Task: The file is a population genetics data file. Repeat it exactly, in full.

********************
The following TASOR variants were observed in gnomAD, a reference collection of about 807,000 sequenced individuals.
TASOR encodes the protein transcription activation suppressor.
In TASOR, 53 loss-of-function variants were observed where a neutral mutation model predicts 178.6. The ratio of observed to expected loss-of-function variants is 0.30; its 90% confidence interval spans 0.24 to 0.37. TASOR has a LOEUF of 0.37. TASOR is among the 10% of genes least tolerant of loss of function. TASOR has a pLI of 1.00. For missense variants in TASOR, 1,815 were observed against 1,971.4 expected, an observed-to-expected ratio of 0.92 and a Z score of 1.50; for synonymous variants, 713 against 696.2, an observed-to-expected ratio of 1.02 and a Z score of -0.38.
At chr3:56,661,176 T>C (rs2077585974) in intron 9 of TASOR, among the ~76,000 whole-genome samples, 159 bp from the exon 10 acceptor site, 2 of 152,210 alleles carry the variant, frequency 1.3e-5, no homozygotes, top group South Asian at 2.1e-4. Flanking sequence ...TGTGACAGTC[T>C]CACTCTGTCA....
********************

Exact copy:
The following TASOR variants were observed in gnomAD, a reference collection of about 807,000 sequenced individuals.
TASOR encodes the protein transcription activation suppressor.
In TASOR, 53 loss-of-function variants were observed where a neutral mutation model predicts 178.6. The ratio of observed to expected loss-of-function variants is 0.30; its 90% confidence interval spans 0.24 to 0.37. TASOR has a LOEUF of 0.37. TASOR is among the 10% of genes least tolerant of loss of function. TASOR has a pLI of 1.00. For missense variants in TASOR, 1,815 were observed against 1,971.4 expected, an observed-to-expected ratio of 0.92 and a Z score of 1.50; for synonymous variants, 713 against 696.2, an observed-to-expected ratio of 1.02 and a Z score of -0.38.
At chr3:56,661,176 T>C (rs2077585974) in intron 9 of TASOR, among the ~76,000 whole-genome samples, 159 bp from the exon 10 acceptor site, 2 of 152,210 alleles carry the variant, frequency 1.3e-5, no homozygotes, top group South Asian at 2.1e-4. Flanking sequence ...TGTGACAGTC[T>C]CACTCTGTCA....